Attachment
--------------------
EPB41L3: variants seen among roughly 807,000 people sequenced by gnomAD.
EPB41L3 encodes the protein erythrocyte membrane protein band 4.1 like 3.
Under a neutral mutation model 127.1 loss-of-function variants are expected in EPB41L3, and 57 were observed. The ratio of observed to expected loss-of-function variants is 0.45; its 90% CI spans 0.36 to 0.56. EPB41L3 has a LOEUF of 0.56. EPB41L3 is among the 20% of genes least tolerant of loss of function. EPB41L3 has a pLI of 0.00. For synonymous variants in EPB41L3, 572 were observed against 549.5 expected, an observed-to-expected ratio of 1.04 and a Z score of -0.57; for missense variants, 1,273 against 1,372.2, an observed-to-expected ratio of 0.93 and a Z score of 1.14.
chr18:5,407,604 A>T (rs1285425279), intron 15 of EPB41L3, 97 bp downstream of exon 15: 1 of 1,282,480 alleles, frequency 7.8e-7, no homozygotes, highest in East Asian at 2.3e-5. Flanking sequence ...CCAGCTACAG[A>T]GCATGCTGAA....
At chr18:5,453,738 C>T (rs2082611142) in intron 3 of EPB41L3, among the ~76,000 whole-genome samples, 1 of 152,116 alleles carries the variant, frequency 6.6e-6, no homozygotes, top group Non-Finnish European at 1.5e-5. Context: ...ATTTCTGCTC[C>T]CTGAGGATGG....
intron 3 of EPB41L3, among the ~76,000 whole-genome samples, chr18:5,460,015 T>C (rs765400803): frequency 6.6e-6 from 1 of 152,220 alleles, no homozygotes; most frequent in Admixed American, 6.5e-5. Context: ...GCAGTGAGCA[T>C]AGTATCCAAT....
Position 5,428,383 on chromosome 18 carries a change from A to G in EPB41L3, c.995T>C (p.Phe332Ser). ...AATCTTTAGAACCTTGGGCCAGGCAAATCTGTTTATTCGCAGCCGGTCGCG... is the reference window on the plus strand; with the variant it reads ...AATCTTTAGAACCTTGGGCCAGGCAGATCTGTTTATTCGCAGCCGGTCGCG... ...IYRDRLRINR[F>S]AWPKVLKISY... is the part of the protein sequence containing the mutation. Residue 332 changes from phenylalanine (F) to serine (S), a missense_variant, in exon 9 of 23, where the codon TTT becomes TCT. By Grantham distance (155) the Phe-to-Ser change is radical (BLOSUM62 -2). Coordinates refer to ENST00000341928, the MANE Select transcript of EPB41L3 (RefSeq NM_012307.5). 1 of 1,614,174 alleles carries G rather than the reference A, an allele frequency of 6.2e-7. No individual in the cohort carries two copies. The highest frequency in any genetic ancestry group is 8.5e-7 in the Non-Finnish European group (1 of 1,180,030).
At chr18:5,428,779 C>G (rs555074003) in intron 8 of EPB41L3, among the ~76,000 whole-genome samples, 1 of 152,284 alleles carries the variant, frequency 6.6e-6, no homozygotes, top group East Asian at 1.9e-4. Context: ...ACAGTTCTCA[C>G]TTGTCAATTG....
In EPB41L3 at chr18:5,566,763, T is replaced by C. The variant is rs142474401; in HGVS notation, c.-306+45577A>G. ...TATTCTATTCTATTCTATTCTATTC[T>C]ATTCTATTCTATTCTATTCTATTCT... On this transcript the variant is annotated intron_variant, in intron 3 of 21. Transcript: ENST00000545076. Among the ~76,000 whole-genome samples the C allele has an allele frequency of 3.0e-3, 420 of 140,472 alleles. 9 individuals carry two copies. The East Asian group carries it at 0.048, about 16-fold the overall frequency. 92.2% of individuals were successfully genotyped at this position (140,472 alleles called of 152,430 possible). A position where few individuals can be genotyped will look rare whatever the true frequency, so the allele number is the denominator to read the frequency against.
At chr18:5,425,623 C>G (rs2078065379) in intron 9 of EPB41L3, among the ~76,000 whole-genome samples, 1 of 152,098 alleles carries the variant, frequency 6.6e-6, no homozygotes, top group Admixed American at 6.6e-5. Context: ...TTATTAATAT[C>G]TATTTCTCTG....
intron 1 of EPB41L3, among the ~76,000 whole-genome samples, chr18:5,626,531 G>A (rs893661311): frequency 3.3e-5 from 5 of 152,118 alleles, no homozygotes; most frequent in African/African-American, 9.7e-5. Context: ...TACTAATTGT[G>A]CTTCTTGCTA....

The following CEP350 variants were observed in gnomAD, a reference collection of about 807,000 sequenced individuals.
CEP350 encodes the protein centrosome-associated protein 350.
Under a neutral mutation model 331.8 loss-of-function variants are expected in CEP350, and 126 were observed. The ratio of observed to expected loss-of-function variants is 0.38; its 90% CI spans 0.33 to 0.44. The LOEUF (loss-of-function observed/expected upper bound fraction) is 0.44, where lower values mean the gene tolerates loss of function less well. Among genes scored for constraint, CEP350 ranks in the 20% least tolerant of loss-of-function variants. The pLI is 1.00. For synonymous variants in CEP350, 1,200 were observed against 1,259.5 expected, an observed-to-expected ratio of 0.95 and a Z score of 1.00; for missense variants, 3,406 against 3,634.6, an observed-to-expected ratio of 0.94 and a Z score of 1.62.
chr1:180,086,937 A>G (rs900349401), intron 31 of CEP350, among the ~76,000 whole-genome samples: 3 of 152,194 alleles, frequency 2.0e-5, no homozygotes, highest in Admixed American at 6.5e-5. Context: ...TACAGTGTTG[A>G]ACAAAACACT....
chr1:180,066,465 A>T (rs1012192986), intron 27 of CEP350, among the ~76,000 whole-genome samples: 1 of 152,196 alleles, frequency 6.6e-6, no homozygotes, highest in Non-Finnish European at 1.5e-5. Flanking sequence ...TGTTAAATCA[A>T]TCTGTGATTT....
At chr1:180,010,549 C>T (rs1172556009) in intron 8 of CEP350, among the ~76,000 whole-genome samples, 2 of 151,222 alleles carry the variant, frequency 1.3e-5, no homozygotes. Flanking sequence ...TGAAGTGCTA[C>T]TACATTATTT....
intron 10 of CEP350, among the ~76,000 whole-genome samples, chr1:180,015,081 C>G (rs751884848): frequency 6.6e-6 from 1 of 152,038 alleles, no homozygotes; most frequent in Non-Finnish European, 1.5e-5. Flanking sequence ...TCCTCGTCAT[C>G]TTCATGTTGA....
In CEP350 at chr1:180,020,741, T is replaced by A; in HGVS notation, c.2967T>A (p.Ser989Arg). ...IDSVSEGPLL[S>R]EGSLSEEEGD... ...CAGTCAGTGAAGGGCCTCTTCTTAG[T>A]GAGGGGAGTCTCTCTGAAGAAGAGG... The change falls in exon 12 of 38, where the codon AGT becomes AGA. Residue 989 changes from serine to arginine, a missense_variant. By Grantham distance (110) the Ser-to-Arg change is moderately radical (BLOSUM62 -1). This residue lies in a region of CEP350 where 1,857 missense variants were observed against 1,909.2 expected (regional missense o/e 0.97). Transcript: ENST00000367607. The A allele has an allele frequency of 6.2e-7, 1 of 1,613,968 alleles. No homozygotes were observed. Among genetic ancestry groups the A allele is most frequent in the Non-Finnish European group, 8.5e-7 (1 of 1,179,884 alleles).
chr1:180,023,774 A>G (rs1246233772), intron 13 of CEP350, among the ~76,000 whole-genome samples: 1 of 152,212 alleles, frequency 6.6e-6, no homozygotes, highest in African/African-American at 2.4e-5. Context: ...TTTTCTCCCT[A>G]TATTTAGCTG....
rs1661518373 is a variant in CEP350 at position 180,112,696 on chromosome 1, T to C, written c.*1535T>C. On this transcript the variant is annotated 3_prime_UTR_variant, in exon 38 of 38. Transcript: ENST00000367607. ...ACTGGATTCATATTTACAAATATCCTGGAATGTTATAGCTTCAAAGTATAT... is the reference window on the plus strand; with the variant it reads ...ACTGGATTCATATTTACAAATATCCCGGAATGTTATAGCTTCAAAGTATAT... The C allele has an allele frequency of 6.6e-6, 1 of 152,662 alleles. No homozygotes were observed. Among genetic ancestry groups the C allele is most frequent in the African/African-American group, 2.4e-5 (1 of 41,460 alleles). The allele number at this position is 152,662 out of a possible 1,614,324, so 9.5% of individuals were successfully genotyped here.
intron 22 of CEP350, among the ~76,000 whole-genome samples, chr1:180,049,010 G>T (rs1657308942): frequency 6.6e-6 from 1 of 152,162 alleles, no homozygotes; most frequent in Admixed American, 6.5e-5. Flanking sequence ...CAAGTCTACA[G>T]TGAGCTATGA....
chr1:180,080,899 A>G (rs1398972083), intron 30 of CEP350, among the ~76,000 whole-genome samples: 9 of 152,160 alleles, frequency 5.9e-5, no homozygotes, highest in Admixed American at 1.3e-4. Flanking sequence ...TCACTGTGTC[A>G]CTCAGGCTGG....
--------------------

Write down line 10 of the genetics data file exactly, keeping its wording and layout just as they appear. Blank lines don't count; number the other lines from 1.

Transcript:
At chr18:5,425,623 C>G (rs2078065379) in intron 9 of EPB41L3, among the ~76,000 whole-genome samples, 1 of 152,098 alleles carries the variant, frequency 6.6e-6, no homozygotes, top group Admixed American at 6.6e-5. Context: ...TTATTAATAT[C>G]TATTTCTCTG....